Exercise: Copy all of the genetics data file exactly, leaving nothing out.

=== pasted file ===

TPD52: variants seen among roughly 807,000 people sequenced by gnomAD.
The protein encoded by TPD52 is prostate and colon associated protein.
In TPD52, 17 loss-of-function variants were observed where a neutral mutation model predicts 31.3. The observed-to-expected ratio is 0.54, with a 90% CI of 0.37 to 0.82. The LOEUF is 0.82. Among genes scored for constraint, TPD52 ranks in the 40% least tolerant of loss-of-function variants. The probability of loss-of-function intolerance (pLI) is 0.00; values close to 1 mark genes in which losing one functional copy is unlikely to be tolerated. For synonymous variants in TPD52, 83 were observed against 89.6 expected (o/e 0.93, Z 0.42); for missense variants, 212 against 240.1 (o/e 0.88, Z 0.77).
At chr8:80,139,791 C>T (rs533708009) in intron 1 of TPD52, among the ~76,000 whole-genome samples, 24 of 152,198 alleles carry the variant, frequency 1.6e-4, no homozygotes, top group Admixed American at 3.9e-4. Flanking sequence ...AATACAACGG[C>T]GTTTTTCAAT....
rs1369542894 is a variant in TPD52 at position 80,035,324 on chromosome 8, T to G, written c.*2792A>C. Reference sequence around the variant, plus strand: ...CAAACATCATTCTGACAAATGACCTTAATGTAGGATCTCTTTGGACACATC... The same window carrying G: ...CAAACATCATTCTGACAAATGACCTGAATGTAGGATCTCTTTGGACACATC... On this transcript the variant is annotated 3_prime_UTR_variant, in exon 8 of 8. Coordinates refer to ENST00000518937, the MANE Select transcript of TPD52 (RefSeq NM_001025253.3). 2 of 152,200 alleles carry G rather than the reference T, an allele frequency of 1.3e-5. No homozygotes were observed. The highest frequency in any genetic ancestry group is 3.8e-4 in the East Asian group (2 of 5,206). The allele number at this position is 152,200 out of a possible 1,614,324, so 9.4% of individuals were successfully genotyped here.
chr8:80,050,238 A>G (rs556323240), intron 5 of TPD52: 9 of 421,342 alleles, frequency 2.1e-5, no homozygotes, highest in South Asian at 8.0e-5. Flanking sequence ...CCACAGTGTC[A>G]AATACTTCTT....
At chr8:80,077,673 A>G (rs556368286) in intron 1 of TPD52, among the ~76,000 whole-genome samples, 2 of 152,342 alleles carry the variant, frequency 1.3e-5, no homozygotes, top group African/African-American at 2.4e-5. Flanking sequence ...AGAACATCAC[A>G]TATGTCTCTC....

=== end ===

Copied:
TPD52: variants seen among roughly 807,000 people sequenced by gnomAD.
The protein encoded by TPD52 is prostate and colon associated protein.
In TPD52, 17 loss-of-function variants were observed where a neutral mutation model predicts 31.3. The observed-to-expected ratio is 0.54, with a 90% CI of 0.37 to 0.82. The LOEUF is 0.82. Among genes scored for constraint, TPD52 ranks in the 40% least tolerant of loss-of-function variants. The probability of loss-of-function intolerance (pLI) is 0.00; values close to 1 mark genes in which losing one functional copy is unlikely to be tolerated. For synonymous variants in TPD52, 83 were observed against 89.6 expected (o/e 0.93, Z 0.42); for missense variants, 212 against 240.1 (o/e 0.88, Z 0.77).
At chr8:80,139,791 C>T (rs533708009) in intron 1 of TPD52, among the ~76,000 whole-genome samples, 24 of 152,198 alleles carry the variant, frequency 1.6e-4, no homozygotes, top group Admixed American at 3.9e-4. Flanking sequence ...AATACAACGG[C>T]GTTTTTCAAT....
rs1369542894 is a variant in TPD52 at position 80,035,324 on chromosome 8, T to G, written c.*2792A>C. Reference sequence around the variant, plus strand: ...CAAACATCATTCTGACAAATGACCTTAATGTAGGATCTCTTTGGACACATC... The same window carrying G: ...CAAACATCATTCTGACAAATGACCTGAATGTAGGATCTCTTTGGACACATC... On this transcript the variant is annotated 3_prime_UTR_variant, in exon 8 of 8. Coordinates refer to ENST00000518937, the MANE Select transcript of TPD52 (RefSeq NM_001025253.3). 2 of 152,200 alleles carry G rather than the reference T, an allele frequency of 1.3e-5. No homozygotes were observed. The highest frequency in any genetic ancestry group is 3.8e-4 in the East Asian group (2 of 5,206). The allele number at this position is 152,200 out of a possible 1,614,324, so 9.4% of individuals were successfully genotyped here.
chr8:80,050,238 A>G (rs556323240), intron 5 of TPD52: 9 of 421,342 alleles, frequency 2.1e-5, no homozygotes, highest in South Asian at 8.0e-5. Flanking sequence ...CCACAGTGTC[A>G]AATACTTCTT....
At chr8:80,077,673 A>G (rs556368286) in intron 1 of TPD52, among the ~76,000 whole-genome samples, 2 of 152,342 alleles carry the variant, frequency 1.3e-5, no homozygotes, top group African/African-American at 2.4e-5. Flanking sequence ...AGAACATCAC[A>G]TATGTCTCTC....